For each $singleDirectory count all files using $count ( which gets reset before the next sub loop ) and output each finding to a hash table. At the end output the hashtable as a string. In your question you looked like you wanted an object output instead of straight text.

2
  • 1
    @Pr0no I added to my answer something that might be more aligned with you function. Understand though the other answers provided are more of a testament to the ease and power of powershell. – Matt Aug 26 '14 at 13:59
  • This method cuts off long file paths, however it seems to execute faster than my method. – Noah Sparks Aug 26 '14 at 14:14
3

Well, the way you are doing it the entire Get-ChildItem cmdlet needs to complete before the foreach loop can begin iterating. Are you sure you're waiting long enough? If you run that against very large directories (like C:) it is going to take a pretty long time.

Edit: saw you asked earlier for a way to make your function do what you are asking, here you go.

Function DirX($directory)
{
    foreach ($file in Get-ChildItem $directory -Recurse -Directory )
    {
        [pscustomobject] @{
        'Directory' = $File.FullName
        'Count' = (GCI $File.FullName -Recurse).Count
        }
    }
}
DirX D:\

The foreach loop only get's directories since that is all we care about, then inside of the loop a custom object is created for each iteration with the full path of the folder and the count of the items inside of the folder.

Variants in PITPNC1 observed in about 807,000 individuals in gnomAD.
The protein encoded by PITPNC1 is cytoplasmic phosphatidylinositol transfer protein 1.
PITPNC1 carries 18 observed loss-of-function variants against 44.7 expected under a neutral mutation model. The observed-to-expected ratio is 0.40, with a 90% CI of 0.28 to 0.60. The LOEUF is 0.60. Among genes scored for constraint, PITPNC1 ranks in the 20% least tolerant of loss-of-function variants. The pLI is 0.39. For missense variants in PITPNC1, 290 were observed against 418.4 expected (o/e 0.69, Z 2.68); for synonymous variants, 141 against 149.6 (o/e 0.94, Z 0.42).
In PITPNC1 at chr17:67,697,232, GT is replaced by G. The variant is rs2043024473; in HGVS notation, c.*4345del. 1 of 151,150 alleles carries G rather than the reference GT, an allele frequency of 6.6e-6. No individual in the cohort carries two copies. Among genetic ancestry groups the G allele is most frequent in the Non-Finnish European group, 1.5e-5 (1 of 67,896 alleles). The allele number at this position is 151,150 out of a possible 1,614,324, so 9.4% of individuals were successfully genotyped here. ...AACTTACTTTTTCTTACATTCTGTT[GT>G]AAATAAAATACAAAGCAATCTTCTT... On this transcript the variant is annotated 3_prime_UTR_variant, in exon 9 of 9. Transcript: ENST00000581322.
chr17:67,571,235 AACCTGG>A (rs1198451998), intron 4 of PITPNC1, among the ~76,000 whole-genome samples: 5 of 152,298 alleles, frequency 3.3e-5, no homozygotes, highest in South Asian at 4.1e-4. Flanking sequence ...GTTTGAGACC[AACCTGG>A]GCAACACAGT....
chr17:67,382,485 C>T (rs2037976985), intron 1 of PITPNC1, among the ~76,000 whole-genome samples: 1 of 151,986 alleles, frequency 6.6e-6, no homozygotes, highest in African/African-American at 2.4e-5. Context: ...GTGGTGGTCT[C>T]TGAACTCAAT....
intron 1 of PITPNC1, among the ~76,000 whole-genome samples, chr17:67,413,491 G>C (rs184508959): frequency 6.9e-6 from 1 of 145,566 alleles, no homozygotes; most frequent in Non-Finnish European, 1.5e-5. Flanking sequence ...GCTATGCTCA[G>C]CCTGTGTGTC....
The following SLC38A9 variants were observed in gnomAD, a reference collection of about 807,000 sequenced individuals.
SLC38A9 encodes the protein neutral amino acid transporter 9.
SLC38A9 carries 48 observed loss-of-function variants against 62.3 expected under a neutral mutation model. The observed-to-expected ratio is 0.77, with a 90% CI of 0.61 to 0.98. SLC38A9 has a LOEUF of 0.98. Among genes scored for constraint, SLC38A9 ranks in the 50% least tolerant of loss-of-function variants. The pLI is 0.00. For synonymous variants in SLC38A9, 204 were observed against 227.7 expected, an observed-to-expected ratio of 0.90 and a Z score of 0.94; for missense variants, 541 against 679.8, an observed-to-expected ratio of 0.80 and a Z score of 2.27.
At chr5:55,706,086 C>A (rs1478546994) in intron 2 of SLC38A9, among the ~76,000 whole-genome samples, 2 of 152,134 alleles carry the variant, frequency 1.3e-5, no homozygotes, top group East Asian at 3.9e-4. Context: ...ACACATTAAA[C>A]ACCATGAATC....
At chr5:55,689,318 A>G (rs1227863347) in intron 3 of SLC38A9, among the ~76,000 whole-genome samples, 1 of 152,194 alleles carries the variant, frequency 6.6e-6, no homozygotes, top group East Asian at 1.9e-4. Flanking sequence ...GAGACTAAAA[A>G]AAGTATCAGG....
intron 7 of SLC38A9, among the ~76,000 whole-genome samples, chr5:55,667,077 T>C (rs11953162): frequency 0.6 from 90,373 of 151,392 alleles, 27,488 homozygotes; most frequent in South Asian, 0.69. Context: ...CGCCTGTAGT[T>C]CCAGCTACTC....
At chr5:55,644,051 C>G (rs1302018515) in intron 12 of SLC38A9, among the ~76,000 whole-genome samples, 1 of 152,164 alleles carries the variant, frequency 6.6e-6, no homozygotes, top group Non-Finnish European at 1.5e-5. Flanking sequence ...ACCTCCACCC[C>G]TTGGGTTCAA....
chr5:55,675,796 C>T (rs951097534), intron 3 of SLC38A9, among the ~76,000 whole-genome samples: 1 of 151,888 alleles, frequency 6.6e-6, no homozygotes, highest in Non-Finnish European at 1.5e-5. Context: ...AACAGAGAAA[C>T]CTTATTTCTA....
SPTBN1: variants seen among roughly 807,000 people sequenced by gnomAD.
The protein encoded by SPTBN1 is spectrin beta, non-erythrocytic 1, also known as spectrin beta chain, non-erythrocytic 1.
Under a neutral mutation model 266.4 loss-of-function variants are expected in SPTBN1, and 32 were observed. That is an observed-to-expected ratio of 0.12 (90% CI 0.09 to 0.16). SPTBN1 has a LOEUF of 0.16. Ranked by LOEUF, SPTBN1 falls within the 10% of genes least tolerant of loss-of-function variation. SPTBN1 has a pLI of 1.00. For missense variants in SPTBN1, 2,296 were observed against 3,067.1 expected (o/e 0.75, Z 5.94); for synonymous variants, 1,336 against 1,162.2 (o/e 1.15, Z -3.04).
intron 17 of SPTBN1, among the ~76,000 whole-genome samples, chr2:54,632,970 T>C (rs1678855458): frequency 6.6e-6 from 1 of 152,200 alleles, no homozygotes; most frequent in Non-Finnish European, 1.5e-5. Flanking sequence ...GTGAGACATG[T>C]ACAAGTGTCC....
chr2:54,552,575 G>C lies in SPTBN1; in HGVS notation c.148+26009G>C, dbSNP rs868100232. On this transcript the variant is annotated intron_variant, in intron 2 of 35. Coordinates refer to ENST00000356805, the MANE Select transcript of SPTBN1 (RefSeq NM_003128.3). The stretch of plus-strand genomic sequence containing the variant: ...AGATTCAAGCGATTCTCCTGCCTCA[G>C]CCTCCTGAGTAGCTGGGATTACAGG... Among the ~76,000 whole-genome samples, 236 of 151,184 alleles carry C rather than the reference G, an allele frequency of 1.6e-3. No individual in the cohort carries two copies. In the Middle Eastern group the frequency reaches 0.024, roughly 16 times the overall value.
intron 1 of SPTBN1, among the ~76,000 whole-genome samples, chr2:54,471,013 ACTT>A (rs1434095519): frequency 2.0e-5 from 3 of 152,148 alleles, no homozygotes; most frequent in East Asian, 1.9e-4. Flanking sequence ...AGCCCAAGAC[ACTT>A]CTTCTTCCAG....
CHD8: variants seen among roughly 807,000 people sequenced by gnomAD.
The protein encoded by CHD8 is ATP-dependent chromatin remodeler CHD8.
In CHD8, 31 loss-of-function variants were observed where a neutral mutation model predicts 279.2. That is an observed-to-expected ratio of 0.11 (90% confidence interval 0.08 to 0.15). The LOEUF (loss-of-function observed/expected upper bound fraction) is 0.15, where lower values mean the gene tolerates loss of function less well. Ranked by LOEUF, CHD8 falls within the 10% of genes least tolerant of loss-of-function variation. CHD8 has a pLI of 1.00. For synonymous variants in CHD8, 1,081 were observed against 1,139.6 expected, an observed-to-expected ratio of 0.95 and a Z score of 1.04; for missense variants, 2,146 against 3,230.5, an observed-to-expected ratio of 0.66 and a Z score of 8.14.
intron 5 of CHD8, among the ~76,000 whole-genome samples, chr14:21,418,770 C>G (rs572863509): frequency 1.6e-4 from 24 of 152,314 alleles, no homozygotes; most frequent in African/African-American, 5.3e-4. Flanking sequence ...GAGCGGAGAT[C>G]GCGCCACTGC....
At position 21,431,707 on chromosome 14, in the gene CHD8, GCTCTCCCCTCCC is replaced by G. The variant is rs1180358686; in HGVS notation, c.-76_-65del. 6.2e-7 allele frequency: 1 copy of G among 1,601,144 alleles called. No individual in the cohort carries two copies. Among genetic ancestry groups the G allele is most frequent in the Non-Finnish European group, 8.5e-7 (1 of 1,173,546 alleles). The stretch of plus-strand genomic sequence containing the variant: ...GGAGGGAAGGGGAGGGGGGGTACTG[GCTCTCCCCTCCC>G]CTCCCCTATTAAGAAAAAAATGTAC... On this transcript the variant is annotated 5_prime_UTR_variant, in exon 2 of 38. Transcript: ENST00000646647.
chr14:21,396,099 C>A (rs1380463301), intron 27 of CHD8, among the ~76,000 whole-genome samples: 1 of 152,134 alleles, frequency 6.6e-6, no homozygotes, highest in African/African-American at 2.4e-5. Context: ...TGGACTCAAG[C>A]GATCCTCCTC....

Also, please note that this will only work in PowerShell 3.0 or newer, since the -directory parameter did not exist in 2.0

6
  • I am actually running it over the test-tree given in the OP. Currently, the function only displays the direct children: VOL01, VOL02, VOL03 – Pr0no Aug 26 '14 at 13:16
  • 1
    I tested it in both 2.0 and 4.0 to make sure it was not a version issue and it gave me full results in both. – Noah Sparks Aug 26 '14 at 13:24
  • Sorry, My mistake. I'm new to Powershell (working in the Powershell ISE) and had to refresh my script to see results change. I thought only saving the script would be enough. Now I get a full list of both subfolders and files..how can I list the number of files per folder? – Pr0no Aug 26 '14 at 13:35
  • No problem, glad you could identify the issue – Noah Sparks Aug 26 '14 at 13:57
  • @NoahSparks consider changing $file to something else. It represents a directory and not a file. Not that it affects the functionality of the script. +1 as you handle the object creation better than i did. – Matt Aug 26 '14 at 14:12
0

My version - slightly cleaner and dumps content to a file

Original - Recursively count files in subfolders

Second Component - Count items in a folder with PowerShell

$FOLDER_ROOT = "F:\"
$OUTPUT_LOCATION = "F:DLS\OUT.txt"
Function DirX($directory)
{
    Remove-Item $OUTPUT_LOCATION

    foreach ($singleDirectory in (Get-ChildItem $directory -Recurse -Directory))
    {
        $count = Get-ChildItem $singleDirectory.FullName -File | Measure-Object | %{$_.Count}
        $summary = $singleDirectory.FullName+"    "+$count+"    "+$singleDirectory.LastAccessTime
        Add-Content $OUTPUT_LOCATION $summary
    }
}
DirX($FOLDER_ROOT)
0

I modified David Brabant's solution just a bit so I could evaluate the result:

$FileCounter=gci "$BaseDir" -recurse |  ?{ $_.PSIsContainer } | %{ (gci "$($_.FullName)" | Measure-Object).Count }
Write-Host "File Count=$FileCounter"
If($FileCounter -gt 0) {
  ... take some action...
}
0
Get-ChildItem $rootFolder `
    -Recurse -Directory | 
        Select-Object `
            FullName, `
            @{Name="FileCount";Expression={(Get-ChildItem $_ -File | 
        Measure-Object).Count }}